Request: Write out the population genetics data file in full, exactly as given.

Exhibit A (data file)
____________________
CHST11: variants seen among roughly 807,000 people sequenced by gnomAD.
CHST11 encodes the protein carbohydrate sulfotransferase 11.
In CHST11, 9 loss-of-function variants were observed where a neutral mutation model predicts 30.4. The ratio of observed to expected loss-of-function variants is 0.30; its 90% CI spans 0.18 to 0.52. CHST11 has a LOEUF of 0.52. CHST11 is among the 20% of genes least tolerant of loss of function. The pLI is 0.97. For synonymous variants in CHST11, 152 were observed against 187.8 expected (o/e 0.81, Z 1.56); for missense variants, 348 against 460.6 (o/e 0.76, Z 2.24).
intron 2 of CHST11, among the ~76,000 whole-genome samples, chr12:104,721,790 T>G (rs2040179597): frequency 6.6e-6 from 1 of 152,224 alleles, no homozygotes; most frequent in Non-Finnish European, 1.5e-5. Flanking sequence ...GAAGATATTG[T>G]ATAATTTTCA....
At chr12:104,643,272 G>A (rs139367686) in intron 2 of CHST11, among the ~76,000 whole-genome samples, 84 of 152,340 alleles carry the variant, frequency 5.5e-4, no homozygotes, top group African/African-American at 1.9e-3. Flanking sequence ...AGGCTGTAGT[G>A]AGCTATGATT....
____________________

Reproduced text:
CHST11: variants seen among roughly 807,000 people sequenced by gnomAD.
CHST11 encodes the protein carbohydrate sulfotransferase 11.
In CHST11, 9 loss-of-function variants were observed where a neutral mutation model predicts 30.4. The ratio of observed to expected loss-of-function variants is 0.30; its 90% CI spans 0.18 to 0.52. CHST11 has a LOEUF of 0.52. CHST11 is among the 20% of genes least tolerant of loss of function. The pLI is 0.97. For synonymous variants in CHST11, 152 were observed against 187.8 expected (o/e 0.81, Z 1.56); for missense variants, 348 against 460.6 (o/e 0.76, Z 2.24).
intron 2 of CHST11, among the ~76,000 whole-genome samples, chr12:104,721,790 T>G (rs2040179597): frequency 6.6e-6 from 1 of 152,224 alleles, no homozygotes; most frequent in Non-Finnish European, 1.5e-5. Flanking sequence ...GAAGATATTG[T>G]ATAATTTTCA....
At chr12:104,643,272 G>A (rs139367686) in intron 2 of CHST11, among the ~76,000 whole-genome samples, 84 of 152,340 alleles carry the variant, frequency 5.5e-4, no homozygotes, top group African/African-American at 1.9e-3. Flanking sequence ...AGGCTGTAGT[G>A]AGCTATGATT....